East Coast

I'm a little dubious of the term "information scarcity," as if there was ever a time when people did not have loads of news and gossip coming their way. Back in the stagecoach era, when we all lived in close-knit, walkable communities (no need for terms like "new urbanist" back then), news and views flowed over fences and across tables, out of taverns and churches and docks.

If advertising trends follow a pendulum model, then we’ve swung quite a ways since the dawn of the decade, when venture capital money was being thrown around like tapioca, just to see where it would stick. Commercials like the famous “herding cats” spot during the 2000 Super Bowl sought to publicize brands by creating a generalized buzz, shooting for the widest possible audience regardless of cost. In today’s distressed economy, advertisers are watching every dollar spent, abetted by the Internet’s ability to take targeted advertising to a whole new level. Lead-generation strategies and measurable data are now top priority, and media companies are responding with a slew of new products designed to lure accounts with the promise of maximum return on investment (ROI).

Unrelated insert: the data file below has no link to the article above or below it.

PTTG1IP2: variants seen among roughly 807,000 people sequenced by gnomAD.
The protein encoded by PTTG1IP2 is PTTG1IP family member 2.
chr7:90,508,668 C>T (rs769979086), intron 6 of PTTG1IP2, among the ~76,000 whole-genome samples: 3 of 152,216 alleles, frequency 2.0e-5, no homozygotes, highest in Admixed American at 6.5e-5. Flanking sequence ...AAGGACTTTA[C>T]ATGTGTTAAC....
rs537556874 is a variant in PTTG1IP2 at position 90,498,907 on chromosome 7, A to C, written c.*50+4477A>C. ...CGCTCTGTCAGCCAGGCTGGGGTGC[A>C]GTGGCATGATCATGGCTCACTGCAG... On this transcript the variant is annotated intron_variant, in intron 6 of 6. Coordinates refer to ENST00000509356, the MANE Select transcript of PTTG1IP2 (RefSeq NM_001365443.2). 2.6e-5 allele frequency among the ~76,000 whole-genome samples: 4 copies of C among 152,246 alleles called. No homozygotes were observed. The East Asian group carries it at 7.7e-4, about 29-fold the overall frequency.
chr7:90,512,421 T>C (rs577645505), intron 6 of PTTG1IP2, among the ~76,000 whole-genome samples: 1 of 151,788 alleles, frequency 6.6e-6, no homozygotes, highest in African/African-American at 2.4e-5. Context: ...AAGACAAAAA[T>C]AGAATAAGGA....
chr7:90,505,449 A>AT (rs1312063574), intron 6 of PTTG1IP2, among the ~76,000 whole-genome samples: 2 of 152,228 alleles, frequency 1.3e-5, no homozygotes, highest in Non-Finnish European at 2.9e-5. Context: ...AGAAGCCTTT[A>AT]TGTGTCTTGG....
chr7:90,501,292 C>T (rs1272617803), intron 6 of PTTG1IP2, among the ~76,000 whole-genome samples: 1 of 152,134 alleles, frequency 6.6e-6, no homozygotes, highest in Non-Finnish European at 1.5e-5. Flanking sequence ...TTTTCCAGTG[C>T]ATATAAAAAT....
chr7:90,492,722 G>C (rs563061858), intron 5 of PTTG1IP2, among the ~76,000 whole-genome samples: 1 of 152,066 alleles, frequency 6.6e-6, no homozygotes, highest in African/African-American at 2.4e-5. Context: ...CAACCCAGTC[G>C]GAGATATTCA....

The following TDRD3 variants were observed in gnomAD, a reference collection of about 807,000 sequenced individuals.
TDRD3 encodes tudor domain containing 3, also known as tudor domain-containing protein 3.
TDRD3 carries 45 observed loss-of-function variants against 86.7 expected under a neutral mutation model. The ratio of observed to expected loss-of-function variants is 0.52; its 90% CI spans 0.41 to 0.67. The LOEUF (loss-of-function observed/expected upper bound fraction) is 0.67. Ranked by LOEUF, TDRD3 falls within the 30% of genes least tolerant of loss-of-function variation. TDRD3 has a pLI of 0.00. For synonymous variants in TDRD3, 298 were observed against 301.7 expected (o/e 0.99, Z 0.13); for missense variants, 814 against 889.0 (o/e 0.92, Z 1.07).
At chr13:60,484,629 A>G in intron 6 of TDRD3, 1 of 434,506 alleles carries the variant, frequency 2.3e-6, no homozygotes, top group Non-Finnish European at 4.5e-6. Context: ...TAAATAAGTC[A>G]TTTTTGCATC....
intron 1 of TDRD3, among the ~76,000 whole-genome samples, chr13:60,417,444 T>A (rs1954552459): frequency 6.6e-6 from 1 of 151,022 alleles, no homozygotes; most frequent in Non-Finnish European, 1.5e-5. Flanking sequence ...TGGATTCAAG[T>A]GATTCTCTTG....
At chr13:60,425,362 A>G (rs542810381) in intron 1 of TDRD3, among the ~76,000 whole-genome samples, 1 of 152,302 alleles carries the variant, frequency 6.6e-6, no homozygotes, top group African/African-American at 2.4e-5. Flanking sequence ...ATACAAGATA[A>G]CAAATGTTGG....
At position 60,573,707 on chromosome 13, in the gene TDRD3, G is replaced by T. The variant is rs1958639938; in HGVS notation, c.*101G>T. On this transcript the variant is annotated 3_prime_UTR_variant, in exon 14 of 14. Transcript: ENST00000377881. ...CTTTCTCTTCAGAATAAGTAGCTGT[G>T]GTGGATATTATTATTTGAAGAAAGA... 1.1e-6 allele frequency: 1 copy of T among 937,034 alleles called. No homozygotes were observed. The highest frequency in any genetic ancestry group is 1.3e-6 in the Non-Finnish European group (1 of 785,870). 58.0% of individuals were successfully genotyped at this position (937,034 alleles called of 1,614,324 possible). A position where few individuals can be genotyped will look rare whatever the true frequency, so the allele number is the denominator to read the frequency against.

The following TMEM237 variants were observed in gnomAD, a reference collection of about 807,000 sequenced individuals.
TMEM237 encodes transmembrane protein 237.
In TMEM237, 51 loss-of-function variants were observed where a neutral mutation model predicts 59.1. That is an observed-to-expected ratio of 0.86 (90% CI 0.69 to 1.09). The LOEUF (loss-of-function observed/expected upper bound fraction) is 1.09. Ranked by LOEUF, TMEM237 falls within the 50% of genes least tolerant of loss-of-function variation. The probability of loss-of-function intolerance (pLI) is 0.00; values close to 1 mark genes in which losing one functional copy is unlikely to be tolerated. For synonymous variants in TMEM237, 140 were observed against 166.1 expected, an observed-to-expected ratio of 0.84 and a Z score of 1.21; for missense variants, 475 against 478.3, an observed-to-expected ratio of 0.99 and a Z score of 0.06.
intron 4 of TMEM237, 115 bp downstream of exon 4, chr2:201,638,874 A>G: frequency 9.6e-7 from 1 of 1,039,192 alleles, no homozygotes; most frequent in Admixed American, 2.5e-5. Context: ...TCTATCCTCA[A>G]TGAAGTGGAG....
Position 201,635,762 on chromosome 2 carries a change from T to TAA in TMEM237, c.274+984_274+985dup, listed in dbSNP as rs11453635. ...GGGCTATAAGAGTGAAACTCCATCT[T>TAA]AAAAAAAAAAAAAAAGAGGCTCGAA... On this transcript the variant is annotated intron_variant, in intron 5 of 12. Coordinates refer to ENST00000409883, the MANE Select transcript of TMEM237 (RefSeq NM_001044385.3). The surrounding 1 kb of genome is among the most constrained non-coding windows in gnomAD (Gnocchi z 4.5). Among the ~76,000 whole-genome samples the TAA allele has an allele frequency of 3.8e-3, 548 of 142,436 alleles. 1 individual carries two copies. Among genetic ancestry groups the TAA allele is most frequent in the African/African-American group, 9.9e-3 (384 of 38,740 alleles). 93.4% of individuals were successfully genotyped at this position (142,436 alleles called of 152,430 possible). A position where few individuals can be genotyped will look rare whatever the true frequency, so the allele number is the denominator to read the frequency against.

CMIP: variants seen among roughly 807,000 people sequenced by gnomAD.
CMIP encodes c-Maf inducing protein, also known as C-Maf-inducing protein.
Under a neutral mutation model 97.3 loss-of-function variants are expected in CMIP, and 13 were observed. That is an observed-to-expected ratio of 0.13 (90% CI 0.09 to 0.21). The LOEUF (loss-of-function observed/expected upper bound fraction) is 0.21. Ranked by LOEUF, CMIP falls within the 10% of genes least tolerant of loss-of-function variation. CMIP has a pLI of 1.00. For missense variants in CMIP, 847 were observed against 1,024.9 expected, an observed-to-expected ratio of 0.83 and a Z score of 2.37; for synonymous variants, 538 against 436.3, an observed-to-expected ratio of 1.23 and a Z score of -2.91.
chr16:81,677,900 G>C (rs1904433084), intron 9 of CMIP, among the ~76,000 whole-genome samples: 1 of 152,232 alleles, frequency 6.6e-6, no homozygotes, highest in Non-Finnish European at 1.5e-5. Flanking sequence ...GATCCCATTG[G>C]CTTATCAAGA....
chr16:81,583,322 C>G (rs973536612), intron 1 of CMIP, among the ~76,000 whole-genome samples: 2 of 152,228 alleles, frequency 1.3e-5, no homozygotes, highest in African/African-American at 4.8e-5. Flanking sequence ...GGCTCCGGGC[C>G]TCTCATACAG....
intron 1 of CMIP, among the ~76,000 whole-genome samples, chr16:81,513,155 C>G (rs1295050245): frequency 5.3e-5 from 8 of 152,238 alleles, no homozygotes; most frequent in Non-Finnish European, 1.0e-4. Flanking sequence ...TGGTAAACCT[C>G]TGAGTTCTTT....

While every publisher in America must know that postage costs are on the rise, many cost-saving measures that can benefit both individual players and the industry as a whole remain underutilized, industry groups say.
"Both [Magazine Publishers of America (MPA)] and [American Business Media (ABM)] are exhorting their members to do more co-mailing and drop-shipping," says David R. Straus, postal counsel for ABM. "ABM produced a DVD for members to show why this is important."

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